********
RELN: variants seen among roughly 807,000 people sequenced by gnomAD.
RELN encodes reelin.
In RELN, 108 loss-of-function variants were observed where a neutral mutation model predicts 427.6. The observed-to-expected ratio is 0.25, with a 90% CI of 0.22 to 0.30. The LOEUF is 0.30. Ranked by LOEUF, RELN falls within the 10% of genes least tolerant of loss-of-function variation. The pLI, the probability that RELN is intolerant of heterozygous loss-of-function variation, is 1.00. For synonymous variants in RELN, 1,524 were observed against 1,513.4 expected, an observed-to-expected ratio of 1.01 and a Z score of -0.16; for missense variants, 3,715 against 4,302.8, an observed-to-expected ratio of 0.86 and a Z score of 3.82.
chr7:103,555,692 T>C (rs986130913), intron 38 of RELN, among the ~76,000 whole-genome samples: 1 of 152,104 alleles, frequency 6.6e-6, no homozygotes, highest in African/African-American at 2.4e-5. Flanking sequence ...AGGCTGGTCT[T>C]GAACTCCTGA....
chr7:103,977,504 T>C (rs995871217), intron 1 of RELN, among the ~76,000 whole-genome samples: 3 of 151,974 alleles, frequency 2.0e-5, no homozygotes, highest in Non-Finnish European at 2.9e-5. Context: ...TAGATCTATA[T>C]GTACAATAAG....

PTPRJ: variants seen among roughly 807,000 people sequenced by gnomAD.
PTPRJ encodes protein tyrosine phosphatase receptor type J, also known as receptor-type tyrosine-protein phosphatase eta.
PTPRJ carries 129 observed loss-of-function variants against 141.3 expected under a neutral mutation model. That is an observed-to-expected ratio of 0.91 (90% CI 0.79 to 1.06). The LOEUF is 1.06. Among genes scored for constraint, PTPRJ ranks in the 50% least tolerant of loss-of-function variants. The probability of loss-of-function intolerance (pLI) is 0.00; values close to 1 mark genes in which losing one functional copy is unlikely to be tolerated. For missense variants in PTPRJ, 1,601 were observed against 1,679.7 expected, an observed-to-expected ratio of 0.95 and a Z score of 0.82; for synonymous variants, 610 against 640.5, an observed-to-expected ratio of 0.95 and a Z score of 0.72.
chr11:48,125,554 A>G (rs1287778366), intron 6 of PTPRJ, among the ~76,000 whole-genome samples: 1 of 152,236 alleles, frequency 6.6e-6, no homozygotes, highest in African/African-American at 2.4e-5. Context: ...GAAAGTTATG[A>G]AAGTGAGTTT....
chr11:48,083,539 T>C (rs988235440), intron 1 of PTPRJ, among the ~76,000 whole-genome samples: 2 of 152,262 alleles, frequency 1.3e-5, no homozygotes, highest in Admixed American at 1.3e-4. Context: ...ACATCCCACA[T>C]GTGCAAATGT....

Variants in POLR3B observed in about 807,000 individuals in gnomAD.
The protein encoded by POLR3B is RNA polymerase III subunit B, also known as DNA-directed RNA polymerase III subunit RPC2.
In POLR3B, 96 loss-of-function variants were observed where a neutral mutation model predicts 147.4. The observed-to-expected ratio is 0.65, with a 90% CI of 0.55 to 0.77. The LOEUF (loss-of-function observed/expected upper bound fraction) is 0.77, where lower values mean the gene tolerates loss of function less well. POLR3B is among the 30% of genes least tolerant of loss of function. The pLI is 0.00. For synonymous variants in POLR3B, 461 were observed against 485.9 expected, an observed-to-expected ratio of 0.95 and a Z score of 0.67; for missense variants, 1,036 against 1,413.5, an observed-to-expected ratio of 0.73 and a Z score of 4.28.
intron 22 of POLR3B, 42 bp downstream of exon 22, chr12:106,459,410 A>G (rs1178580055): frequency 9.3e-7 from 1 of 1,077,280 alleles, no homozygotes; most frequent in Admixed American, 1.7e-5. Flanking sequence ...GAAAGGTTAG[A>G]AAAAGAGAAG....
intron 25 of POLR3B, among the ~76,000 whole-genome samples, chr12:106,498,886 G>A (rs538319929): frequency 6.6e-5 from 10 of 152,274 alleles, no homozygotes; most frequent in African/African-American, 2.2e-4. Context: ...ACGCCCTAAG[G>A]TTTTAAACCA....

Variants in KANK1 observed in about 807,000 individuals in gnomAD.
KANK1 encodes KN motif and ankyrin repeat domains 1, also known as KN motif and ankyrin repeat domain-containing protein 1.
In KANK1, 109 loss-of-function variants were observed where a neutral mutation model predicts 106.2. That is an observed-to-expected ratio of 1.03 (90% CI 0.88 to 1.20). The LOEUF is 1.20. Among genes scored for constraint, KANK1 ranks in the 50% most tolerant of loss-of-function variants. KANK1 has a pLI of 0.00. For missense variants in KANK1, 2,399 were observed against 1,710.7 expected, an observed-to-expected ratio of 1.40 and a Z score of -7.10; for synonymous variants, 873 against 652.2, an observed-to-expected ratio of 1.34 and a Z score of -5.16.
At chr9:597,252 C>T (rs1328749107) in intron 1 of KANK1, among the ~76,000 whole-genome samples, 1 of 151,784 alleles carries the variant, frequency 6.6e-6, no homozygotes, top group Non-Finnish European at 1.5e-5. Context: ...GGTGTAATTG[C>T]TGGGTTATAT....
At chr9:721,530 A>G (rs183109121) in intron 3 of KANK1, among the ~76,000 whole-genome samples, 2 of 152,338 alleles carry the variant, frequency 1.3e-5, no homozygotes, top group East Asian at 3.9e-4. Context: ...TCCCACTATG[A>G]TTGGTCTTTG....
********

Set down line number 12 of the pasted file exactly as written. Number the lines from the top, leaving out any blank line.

The protein encoded by POLR3B is RNA polymerase III subunit B, also known as DNA-directed RNA polymerase III subunit RPC2.